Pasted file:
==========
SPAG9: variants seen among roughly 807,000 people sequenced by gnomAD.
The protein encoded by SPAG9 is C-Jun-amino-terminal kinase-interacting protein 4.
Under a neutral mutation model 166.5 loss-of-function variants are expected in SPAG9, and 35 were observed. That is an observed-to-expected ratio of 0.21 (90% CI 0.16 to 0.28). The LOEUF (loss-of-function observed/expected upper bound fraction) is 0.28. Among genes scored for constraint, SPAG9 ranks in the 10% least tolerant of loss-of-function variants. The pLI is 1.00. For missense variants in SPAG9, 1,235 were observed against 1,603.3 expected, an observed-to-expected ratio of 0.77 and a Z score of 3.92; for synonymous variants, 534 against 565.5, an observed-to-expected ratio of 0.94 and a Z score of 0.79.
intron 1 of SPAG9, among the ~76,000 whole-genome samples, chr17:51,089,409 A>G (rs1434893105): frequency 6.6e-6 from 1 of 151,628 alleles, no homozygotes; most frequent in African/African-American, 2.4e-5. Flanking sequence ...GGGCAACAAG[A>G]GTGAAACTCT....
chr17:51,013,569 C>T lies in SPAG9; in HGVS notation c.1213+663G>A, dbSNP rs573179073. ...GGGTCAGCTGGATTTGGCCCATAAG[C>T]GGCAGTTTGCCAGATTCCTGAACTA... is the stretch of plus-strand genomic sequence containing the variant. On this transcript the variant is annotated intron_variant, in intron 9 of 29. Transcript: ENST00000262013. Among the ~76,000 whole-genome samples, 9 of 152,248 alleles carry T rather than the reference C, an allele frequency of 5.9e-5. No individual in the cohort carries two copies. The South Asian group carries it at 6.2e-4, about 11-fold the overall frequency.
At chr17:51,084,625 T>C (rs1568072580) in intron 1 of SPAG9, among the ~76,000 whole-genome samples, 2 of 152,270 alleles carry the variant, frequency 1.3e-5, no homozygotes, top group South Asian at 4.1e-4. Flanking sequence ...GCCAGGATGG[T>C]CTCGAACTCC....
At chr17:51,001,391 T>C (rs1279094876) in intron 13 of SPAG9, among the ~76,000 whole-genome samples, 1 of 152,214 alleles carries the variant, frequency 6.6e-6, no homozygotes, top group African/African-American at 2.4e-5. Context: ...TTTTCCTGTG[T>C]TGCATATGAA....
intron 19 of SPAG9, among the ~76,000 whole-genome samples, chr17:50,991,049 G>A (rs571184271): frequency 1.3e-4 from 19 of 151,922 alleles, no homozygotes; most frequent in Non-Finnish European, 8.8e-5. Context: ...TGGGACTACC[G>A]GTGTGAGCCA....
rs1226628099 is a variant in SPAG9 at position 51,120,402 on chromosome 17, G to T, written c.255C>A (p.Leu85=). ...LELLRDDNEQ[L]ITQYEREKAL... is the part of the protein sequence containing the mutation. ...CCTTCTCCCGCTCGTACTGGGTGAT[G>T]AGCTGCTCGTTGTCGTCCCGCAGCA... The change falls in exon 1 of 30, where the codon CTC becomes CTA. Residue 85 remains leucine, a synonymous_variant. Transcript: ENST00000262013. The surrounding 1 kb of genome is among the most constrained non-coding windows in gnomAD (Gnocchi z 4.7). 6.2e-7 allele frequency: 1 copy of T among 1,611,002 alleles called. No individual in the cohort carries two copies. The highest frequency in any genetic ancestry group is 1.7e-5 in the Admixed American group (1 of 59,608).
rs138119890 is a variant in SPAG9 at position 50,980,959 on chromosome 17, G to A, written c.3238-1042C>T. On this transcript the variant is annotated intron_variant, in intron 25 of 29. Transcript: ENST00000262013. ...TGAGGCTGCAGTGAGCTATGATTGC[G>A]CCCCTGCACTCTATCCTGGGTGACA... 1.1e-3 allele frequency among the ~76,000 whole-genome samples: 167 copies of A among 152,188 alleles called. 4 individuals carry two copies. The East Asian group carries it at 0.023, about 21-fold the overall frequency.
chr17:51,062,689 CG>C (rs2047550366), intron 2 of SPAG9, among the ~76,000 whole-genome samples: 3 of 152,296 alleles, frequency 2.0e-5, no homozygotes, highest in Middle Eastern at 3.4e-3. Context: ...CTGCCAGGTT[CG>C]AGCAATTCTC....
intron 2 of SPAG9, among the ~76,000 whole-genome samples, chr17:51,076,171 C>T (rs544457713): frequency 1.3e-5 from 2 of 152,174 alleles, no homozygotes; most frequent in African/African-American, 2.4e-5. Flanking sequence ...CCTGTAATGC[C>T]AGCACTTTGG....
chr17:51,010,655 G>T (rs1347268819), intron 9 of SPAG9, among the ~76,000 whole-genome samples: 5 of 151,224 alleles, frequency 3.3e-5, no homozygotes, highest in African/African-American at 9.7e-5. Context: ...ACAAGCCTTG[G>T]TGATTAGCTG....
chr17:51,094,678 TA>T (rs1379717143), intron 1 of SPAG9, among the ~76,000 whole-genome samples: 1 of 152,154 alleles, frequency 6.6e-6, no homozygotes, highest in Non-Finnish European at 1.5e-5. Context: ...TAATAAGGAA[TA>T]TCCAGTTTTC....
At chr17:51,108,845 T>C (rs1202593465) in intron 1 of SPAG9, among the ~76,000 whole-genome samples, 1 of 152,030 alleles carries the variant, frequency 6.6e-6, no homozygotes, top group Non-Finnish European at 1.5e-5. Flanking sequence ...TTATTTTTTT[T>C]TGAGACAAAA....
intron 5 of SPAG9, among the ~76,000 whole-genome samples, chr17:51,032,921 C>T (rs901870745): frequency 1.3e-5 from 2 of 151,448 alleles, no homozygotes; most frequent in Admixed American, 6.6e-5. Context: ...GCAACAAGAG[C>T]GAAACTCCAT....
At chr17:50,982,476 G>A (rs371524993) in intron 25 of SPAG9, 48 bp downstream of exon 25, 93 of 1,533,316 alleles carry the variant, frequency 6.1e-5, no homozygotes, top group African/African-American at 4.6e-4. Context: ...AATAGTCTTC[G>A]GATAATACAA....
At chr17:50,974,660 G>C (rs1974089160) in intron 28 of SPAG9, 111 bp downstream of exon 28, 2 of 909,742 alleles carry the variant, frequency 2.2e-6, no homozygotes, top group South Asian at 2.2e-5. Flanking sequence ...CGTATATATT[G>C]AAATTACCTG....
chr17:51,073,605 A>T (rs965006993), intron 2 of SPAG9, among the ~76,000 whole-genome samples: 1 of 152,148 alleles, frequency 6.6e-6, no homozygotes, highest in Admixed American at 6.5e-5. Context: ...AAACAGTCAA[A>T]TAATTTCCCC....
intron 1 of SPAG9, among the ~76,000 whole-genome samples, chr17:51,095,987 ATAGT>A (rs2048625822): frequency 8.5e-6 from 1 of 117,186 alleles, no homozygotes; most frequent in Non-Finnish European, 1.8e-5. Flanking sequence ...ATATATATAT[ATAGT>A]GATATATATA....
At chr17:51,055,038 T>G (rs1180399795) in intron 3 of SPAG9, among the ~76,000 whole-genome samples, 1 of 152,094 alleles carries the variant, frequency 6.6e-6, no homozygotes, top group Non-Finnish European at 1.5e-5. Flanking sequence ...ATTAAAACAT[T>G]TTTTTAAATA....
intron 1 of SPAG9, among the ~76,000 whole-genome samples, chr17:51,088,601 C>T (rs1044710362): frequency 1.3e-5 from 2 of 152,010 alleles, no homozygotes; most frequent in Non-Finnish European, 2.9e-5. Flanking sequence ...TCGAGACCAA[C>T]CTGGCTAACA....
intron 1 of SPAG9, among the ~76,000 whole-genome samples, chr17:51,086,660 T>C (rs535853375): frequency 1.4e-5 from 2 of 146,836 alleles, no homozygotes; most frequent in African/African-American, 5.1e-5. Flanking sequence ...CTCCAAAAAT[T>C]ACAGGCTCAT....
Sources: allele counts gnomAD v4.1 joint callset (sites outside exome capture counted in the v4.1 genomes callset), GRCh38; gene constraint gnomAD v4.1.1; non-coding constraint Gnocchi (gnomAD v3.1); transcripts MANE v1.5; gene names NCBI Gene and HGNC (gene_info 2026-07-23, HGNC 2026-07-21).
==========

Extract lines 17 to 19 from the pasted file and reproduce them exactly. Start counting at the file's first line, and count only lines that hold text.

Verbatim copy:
At chr17:50,982,476 G>A (rs371524993) in intron 25 of SPAG9, 48 bp downstream of exon 25, 93 of 1,533,316 alleles carry the variant, frequency 6.1e-5, no homozygotes, top group African/African-American at 4.6e-4. Context: ...AATAGTCTTC[G>A]GATAATACAA....
At chr17:50,974,660 G>C (rs1974089160) in intron 28 of SPAG9, 111 bp downstream of exon 28, 2 of 909,742 alleles carry the variant, frequency 2.2e-6, no homozygotes, top group South Asian at 2.2e-5. Flanking sequence ...CGTATATATT[G>C]AAATTACCTG....
chr17:51,073,605 A>T (rs965006993), intron 2 of SPAG9, among the ~76,000 whole-genome samples: 1 of 152,148 alleles, frequency 6.6e-6, no homozygotes, highest in Admixed American at 6.5e-5. Context: ...AAACAGTCAA[A>T]TAATTTCCCC....